The parser /lib/parse.php can determine which file was originally asked for by examing the $REDIRECT_URL variable, and use this to call the parse function which returns the parsed html:

<?php

if ($REDIRECT_URL
    echo 
parse ($DOCUMENT_ROOT $REDIRECT_URL);

    
//The parse function just reads the file and calls parse_it for every line to build up the output in $buf:

function parse ($file) {
    
$buf "";
    if (
$f fopen ($file"r")) {
        while (
$str fgets ($f4096)) {
            
$buf .= parse_it ($str);
        }
        
fclose ($f);
    }
    return 
$buf;
}

?>
The parse_it function scans the string to see if any tag occurs, and if it does, break down the tagname in $fun and its optional parameters into the associated array $arglist.

<?php

function parse_it ($str) {
    global 
$loaded;

    if (
eregi ("<[Mm][Yy]-([A-Za-z0-9]*) ([^>]*)"$str$regs)) {
        
$tag $regs[1];
        if (!
$loaded[$tag]) {
            include 
"res/$tag/$tag.php";
            
$loaded[$tag] = 1;
        }

        
$fun "handle_$tag";
        
$list explode (" "strtolower ($regs[2]));
        
$cache_file "cache/$tag";

        for (
$i 0$i count ($list); $i++) {
            if (
$argname strtok ($list[$i], "=")) {
                
$arglist[$argname] = strtok ("=");
                if (
$argname != "cache") {
                    
$cache_file .= "_" $argname "=" $arglist[$argname];
                }
            }
        }

        
$buf "<!-- $tag start here //-->\n";
        
$buf .= $fun ($arglist);
        
$buf .= "\n<!-- $tag ends here //-->\n";
        return 
$buf;
    } else {
        return 
$str;
    }
}

?>
This function calls the function $tag directly in the file included from res/$tag/$tag.php and uses the output to return to the parse main loop.
As you notice, the variable $cache_file is also being built pointing to cache/$tag... where ... is a string combining all parameters to form a unique cache entry for this tag. To actually use the cache, we must add some code between the end of the for loop and the creation of $buf:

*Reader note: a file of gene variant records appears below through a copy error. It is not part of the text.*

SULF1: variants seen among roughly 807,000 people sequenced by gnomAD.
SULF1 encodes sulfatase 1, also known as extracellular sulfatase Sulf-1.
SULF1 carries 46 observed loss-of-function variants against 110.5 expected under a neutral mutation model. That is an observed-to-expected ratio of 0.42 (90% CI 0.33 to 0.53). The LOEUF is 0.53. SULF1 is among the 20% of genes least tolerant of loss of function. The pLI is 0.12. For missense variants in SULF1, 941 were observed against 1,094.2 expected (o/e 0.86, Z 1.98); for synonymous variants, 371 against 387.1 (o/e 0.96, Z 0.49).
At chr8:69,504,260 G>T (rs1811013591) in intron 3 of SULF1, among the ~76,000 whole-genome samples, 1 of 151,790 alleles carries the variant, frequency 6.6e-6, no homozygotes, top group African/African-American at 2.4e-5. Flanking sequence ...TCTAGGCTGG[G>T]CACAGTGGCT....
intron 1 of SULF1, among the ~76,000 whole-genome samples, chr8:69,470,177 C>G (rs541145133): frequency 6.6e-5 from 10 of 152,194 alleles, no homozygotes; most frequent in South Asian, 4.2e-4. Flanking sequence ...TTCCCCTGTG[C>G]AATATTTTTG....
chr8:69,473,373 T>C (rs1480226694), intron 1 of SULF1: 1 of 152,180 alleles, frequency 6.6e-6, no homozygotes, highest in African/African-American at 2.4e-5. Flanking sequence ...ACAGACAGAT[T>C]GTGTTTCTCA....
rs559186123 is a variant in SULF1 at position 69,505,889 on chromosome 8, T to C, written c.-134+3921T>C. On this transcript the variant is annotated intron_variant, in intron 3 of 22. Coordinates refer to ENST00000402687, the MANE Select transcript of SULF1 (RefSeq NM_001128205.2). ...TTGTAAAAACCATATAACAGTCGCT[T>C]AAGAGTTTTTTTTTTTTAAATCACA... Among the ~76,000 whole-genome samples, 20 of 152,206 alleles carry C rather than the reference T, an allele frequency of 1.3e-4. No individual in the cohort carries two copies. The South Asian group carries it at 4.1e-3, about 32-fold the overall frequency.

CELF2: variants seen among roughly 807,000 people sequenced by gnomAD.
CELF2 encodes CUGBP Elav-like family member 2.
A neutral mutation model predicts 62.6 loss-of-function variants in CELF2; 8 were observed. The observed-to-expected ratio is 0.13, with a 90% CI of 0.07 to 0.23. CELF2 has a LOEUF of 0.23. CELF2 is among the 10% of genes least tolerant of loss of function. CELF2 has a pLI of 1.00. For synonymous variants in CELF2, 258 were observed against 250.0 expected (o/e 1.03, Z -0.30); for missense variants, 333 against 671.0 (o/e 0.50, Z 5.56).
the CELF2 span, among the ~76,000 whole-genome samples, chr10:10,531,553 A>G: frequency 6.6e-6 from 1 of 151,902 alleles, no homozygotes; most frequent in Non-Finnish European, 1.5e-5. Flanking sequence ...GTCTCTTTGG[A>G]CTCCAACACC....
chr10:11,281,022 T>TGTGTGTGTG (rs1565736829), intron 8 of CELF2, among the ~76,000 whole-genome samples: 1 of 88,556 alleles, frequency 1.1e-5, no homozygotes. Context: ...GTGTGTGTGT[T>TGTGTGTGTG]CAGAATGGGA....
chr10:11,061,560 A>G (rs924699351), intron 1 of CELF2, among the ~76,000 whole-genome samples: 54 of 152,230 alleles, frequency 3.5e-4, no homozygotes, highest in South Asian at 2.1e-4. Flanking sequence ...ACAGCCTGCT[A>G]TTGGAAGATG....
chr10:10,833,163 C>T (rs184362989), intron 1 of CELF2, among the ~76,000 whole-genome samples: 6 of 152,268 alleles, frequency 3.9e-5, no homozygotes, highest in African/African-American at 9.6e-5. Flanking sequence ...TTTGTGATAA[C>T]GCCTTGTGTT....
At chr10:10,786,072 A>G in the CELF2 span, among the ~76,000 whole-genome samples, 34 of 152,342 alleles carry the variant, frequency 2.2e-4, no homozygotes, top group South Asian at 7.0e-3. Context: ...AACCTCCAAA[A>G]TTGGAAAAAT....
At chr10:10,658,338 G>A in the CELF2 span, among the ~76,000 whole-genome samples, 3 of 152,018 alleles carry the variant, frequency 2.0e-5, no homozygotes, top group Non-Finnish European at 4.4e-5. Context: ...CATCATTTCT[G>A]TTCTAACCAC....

<?php

$read_cache 
0;
$write_cache 0;
if (!(isset (
$arglist["cache"]) && ($arglist["cache"] < 10))) {
    
$write_cache 1;
    if (
file_exists ($cache_file)) {
        if (!isset (
$arglist["cache"])) {
            if ((
filemtime ($cache_file) + $default_cache_time) > date ("U")) {
                
$read_cache 1;
                
$write_cache 0;
            }    
        } else {
            if ((
filemtime ($cache_file) + $arglist["cache"]) > date ("U")) {
                
$read_cache 1;
                
$write_cache 0;
            }
        }
    }
}

?>
Here we determine whether $buf can instead be built from the $cache_file by checking the following:
Thus we can now make the $buf creation conditional to the $read_cache variable, by replacing the line that says:
<?php $buf $fun ($arglist); ?>
with the the following code:
<?php

if ($read_cache || (!strlen ($buf .= $fun ($arglist)))) {
    if (
$f fopen ($cache_file"r")) {
        while (
$str fgets ($f4096)) {
            
$buf .= $str;
        }
        
fclose ($f);
    } else 
$buf .= "<!-- $tag: error - cache is empty //-->\n";
}

?>
Note that the module can force the cache (e.g. when database is down) by returning an empty string (risking the cache has not yet been written, but in any case it does not generate a database error, but here an empty place in the page with an html comment).
The last step is see if we should also update the cache, by continuing to add the following code before return $buf:

<?php

if ($write_cache && ($f fopen ($cache_file"w"))) {
    
fputs ($f$buf);
    
fclose ($f);
}

?>
v Now the parser is done and you can start creating both the res/ and cache/ subdirectories and fill res/ with modules xxx.php that each implements the function handle_xxx ($arglist).
An interesting side-effect is that in the handle_xxx function you can use the parse_it function again to parse external retrieved data. Say that you have a <my-include file=..>, that file can also contain new <my-..> tags if you implement res/include/include.php as follows:

<?php

 
function handle_include ($arglist) {
    if ((
$arglist["file"]) && ($f fopen ($arglist["file"], "r"))) {
        
$buf "";
        while (
$str fgets ($f4096)) 
            
$buf .= $str;
        
fclose ($f);

        return 
parse_it ($buf);
    }
    return 
"<!-- include: error opening " $arglist["file"] . " //-->";
}

?>
Using caching here will probably provide useful if including from external sites:
<my-include file="http://remote.server.com/foo.my" cache=3600>
This way, the file is only fetched from the remote server once an hour, for all the other requests the cached entry is used, which is much faster.
-JP